Young, Plant and friends pay tribute to "Jimi Hendrix of acoustic guitar"
By Angus MacSwan
(Reuters) - A host of musicians headed by Led Zeppelin frontman Robert Plant on Tuesday night celebrated the life and work of Bert Jansch, the late Scottish guitarist who influenced generations of players from Neil Young to Johnny Marr with his stew of blues, folk and jazz.
On a London stage decorated to look like Les Cousins, the Soho folk club where Jansch held court in the 1960s, they played his songs and others that had inspired him, and reminisced about "a magical man, an occasionally shambolic man," in the words of Martin Simpson.
Jansch died in October 2011 of lung cancer at the age of 67 and Tuesday would have been his 70th birthday.
If he never achieved huge popular fame to match his talent, his standing amongst his peers was evident in a Royal Festival Hall line-up that was a virtual Who's Who of British folk, among them Ralph McTell, Donovan and members of Pentangle, the folk-jazz group with whom he found his greatest commercial success.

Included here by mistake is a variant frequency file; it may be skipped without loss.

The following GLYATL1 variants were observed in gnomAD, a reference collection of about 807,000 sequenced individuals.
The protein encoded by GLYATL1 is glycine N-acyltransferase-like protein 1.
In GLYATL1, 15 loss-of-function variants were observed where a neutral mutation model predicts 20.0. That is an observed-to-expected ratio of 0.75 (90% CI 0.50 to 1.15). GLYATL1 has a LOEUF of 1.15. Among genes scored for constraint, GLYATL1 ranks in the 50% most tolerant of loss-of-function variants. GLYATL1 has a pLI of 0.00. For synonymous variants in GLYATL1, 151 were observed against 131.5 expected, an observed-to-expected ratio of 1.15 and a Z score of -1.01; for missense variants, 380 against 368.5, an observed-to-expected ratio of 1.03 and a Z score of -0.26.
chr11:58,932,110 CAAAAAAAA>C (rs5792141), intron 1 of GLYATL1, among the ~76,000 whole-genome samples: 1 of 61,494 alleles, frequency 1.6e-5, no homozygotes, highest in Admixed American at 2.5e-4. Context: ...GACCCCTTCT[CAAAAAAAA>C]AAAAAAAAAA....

Neil Young, who once described Jansch as the Jimi Hendrix of acoustic guitar, was not present in body but appeared on a large screen in a specially-recorded video in which he played "Needle of Death", Jansch's tale of heroin addiction that Young has acknowledged as the inspiration for his own classic "Needle and the Damage Done".
The Canadian told how in his early days as a folksinger in Toronto, he played Jansch's albums endlessly.
The Glasgow-born Jansch cut his teeth in Edinburgh before hitchhiking down to London in the early 1960s and quickly made a name for himself in clubs such as the Troubadour and Les Cousins.
His playing brought together folk, blues and jazz with a muscular, finger-picking style, and also drew in some Middle Eastern and Asian flavours picked up on his travels. He brought out a string of albums such as "Jack Orion" and "Rosemary Lane", that were to be a huge influence on the likes of guitarist Jimmy Page, later to form Led Zeppelin. Continued...